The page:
The Dow suffered due to a drop in AIG after the company posted lower than expected earnings. AIG also said some employees had received notices from the SEC regarding a probe into the companies accounting practices. Offsetting that drop was JNJ, which succeeded in adjusting the price it was paying for Guidant to -15% lower as an offset for the business loss due to recalled devices. JNJ jumped +2.50 on the news.
Hurting tech stocks was a downgrade in SNDK by Deutsche Bank to a sell based on valuation and a changing outlook on competition in the sector. Competitor Hynix is ramping up production of a multi-level flash chip that can store more memory than the conventional flash memory chip. Micron and Samsung are said to be partnering with Hynix in this new product. Since a large portion of SNDK revenues come from royalties on the current generation of flash chips this could cut revenue substantially if the use of that chip technology fades. SNDK fell -$4 on the downgrade.
In theory this should have been a good day for techs after news broke that George Soros had upped his stake in several tech companies, some by a factor of more than 5 times. In papers filed with the SEC Soros said he added to positions in INTC, MSFT, MOT, AMZN, EBAY, IBM, LU, TWX and APPL. Soros is betting on a continued increase in globalization of these brands and their products. Emerging economies are creating a surge in tech buying where there was previously limited tech availability. Soros got an unexpected windfall from Amazon today after S&P announced it will be replacing AT&T in the S&P-500. Ma Bell is retiring from the index to go live with one of her kids (SBC) as the acquisition completes. Google had been the expected entry but the S&P index committee snubbed GOOG once again with the nod to Amazon. GOOG fell -$4 on the news and AMZN jumped +$2.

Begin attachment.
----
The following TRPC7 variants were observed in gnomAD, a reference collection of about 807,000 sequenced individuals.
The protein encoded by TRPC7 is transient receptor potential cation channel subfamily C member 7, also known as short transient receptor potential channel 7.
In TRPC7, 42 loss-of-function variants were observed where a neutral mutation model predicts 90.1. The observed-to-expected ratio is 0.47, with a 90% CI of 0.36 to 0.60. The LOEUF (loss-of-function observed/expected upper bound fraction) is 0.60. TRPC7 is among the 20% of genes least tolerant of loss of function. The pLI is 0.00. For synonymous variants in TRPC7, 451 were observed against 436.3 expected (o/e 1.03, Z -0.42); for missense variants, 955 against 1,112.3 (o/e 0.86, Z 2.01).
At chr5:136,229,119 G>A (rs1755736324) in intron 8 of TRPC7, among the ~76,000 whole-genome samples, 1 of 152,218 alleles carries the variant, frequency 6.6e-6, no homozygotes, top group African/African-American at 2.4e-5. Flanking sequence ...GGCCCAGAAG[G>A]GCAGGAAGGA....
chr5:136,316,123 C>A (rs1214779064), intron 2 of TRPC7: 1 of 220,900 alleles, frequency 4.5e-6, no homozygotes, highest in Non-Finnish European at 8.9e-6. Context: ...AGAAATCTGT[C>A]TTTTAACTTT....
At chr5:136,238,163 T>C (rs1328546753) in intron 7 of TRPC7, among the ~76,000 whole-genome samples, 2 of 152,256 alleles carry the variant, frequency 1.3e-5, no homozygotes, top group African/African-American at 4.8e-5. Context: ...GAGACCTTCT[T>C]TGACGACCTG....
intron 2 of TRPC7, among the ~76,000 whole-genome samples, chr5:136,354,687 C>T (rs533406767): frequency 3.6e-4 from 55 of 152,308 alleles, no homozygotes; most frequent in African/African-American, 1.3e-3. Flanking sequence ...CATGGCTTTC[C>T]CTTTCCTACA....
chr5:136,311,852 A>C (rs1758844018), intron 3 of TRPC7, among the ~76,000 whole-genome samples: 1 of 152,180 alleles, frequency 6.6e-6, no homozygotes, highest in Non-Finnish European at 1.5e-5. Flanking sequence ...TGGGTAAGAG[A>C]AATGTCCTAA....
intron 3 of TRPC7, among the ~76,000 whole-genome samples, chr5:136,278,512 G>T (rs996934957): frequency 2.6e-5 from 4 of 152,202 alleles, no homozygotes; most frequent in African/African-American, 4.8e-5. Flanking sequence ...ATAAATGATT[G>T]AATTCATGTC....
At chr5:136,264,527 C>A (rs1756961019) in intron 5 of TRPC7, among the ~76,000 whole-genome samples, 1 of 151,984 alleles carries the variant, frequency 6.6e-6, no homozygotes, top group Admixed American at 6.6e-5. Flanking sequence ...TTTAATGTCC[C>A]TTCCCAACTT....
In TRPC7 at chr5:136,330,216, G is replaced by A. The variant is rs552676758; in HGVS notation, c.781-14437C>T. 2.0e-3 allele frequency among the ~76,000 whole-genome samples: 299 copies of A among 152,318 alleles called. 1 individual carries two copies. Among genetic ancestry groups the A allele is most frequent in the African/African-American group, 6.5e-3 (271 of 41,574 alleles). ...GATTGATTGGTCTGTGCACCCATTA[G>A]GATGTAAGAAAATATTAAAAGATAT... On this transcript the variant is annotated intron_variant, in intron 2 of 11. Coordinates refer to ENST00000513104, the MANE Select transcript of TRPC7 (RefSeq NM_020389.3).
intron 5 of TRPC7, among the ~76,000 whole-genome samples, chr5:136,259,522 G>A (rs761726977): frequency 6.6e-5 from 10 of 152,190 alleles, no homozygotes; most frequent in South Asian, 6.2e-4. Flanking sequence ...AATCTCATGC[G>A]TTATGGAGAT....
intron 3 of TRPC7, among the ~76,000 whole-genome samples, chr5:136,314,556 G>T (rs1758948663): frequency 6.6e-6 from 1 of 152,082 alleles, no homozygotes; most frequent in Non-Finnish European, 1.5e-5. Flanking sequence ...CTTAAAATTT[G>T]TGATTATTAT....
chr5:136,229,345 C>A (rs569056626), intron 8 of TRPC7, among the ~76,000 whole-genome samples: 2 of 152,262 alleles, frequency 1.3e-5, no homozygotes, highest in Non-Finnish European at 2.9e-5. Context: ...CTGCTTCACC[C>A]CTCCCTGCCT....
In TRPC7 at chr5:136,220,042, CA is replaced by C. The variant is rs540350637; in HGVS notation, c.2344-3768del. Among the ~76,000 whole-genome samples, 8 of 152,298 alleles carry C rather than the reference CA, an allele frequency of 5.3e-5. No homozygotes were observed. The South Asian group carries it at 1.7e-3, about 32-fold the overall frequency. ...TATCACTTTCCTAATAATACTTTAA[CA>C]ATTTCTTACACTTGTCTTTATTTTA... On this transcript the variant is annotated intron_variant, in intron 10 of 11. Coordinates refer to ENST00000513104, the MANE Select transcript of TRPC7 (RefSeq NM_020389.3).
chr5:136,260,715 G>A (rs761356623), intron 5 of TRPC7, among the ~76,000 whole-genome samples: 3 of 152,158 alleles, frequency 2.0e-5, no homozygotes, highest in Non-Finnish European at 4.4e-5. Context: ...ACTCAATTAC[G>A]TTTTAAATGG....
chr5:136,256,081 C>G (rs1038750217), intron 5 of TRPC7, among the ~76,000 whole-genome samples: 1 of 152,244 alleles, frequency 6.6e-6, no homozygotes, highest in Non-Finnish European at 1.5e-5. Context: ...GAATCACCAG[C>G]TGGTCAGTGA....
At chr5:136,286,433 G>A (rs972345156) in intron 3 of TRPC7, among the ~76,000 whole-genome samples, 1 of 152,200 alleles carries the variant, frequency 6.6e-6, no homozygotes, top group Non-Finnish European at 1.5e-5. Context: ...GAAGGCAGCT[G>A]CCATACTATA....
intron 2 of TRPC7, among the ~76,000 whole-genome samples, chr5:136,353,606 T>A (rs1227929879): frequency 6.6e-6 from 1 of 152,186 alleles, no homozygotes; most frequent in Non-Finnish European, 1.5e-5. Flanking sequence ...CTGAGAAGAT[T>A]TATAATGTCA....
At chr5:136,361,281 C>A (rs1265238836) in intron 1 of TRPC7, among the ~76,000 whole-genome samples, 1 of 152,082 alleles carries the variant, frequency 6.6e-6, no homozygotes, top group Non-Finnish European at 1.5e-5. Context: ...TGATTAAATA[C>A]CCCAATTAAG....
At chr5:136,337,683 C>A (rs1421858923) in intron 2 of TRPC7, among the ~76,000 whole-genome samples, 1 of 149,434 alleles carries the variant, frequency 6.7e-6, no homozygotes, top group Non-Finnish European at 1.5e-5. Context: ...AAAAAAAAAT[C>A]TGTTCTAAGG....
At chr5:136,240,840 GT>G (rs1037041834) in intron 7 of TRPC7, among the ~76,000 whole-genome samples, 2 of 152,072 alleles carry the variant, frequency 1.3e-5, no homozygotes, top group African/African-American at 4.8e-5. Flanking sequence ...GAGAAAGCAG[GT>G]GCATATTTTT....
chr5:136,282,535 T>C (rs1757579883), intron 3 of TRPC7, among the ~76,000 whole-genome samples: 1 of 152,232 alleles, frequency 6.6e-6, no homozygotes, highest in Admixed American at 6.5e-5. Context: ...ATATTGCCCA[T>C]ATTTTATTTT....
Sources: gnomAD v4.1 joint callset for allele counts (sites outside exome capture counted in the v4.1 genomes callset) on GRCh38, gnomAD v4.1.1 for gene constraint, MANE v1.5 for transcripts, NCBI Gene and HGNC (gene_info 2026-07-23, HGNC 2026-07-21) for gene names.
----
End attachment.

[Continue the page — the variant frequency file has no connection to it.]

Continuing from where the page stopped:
The Nasdaq announced that they were changing their systems to handle 1,2,3 and yes 4 character symbols. No longer will Nasdaq companies be limited to a four-character symbol. Nasdaq said the move would allow it to function as a backup to the NYSE in case of a disaster.